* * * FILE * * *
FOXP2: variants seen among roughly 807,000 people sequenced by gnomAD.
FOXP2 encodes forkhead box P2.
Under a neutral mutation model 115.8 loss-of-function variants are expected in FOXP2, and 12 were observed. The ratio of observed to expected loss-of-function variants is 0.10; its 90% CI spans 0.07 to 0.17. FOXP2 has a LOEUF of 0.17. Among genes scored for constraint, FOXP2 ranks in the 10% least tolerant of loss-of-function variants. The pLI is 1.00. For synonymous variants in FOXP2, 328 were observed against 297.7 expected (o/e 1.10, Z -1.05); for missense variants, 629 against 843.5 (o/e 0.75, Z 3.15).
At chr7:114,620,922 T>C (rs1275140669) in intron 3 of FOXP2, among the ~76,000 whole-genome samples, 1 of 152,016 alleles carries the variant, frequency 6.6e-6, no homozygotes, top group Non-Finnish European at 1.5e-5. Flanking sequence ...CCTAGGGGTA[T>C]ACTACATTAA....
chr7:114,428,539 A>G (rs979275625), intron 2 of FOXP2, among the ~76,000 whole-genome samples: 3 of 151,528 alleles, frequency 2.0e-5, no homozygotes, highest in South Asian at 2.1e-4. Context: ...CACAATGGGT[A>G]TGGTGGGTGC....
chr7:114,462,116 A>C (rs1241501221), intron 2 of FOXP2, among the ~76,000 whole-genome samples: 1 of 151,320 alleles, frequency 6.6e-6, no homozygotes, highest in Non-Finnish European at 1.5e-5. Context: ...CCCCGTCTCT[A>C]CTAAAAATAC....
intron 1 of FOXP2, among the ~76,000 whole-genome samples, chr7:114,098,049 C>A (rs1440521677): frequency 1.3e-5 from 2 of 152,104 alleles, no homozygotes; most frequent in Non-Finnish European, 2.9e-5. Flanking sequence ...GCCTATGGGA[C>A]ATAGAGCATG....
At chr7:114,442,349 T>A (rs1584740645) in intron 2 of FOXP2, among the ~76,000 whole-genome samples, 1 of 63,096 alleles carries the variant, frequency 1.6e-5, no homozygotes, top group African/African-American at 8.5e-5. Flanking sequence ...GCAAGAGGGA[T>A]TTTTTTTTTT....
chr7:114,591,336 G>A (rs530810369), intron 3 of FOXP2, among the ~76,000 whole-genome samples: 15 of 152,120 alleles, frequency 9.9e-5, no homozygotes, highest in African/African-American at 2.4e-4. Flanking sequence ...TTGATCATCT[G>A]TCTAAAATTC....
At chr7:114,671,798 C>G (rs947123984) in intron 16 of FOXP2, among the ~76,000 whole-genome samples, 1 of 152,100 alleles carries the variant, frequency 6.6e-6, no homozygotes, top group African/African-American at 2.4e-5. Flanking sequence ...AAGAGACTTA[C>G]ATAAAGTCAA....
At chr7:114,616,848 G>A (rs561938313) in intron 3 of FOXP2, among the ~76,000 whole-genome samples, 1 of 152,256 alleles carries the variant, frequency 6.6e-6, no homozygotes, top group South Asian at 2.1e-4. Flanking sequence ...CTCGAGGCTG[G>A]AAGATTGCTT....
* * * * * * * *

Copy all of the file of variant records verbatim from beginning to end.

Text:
FOXP2: variants seen among roughly 807,000 people sequenced by gnomAD.
FOXP2 encodes forkhead box P2.
Under a neutral mutation model 115.8 loss-of-function variants are expected in FOXP2, and 12 were observed. The ratio of observed to expected loss-of-function variants is 0.10; its 90% CI spans 0.07 to 0.17. FOXP2 has a LOEUF of 0.17. Among genes scored for constraint, FOXP2 ranks in the 10% least tolerant of loss-of-function variants. The pLI is 1.00. For synonymous variants in FOXP2, 328 were observed against 297.7 expected (o/e 1.10, Z -1.05); for missense variants, 629 against 843.5 (o/e 0.75, Z 3.15).
At chr7:114,620,922 T>C (rs1275140669) in intron 3 of FOXP2, among the ~76,000 whole-genome samples, 1 of 152,016 alleles carries the variant, frequency 6.6e-6, no homozygotes, top group Non-Finnish European at 1.5e-5. Flanking sequence ...CCTAGGGGTA[T>C]ACTACATTAA....
chr7:114,428,539 A>G (rs979275625), intron 2 of FOXP2, among the ~76,000 whole-genome samples: 3 of 151,528 alleles, frequency 2.0e-5, no homozygotes, highest in South Asian at 2.1e-4. Context: ...CACAATGGGT[A>G]TGGTGGGTGC....
chr7:114,462,116 A>C (rs1241501221), intron 2 of FOXP2, among the ~76,000 whole-genome samples: 1 of 151,320 alleles, frequency 6.6e-6, no homozygotes, highest in Non-Finnish European at 1.5e-5. Context: ...CCCCGTCTCT[A>C]CTAAAAATAC....
intron 1 of FOXP2, among the ~76,000 whole-genome samples, chr7:114,098,049 C>A (rs1440521677): frequency 1.3e-5 from 2 of 152,104 alleles, no homozygotes; most frequent in Non-Finnish European, 2.9e-5. Flanking sequence ...GCCTATGGGA[C>A]ATAGAGCATG....
At chr7:114,442,349 T>A (rs1584740645) in intron 2 of FOXP2, among the ~76,000 whole-genome samples, 1 of 63,096 alleles carries the variant, frequency 1.6e-5, no homozygotes, top group African/African-American at 8.5e-5. Flanking sequence ...GCAAGAGGGA[T>A]TTTTTTTTTT....
chr7:114,591,336 G>A (rs530810369), intron 3 of FOXP2, among the ~76,000 whole-genome samples: 15 of 152,120 alleles, frequency 9.9e-5, no homozygotes, highest in African/African-American at 2.4e-4. Flanking sequence ...TTGATCATCT[G>A]TCTAAAATTC....
At chr7:114,671,798 C>G (rs947123984) in intron 16 of FOXP2, among the ~76,000 whole-genome samples, 1 of 152,100 alleles carries the variant, frequency 6.6e-6, no homozygotes, top group African/African-American at 2.4e-5. Flanking sequence ...AAGAGACTTA[C>G]ATAAAGTCAA....
At chr7:114,616,848 G>A (rs561938313) in intron 3 of FOXP2, among the ~76,000 whole-genome samples, 1 of 152,256 alleles carries the variant, frequency 6.6e-6, no homozygotes, top group South Asian at 2.1e-4. Flanking sequence ...CTCGAGGCTG[G>A]AAGATTGCTT....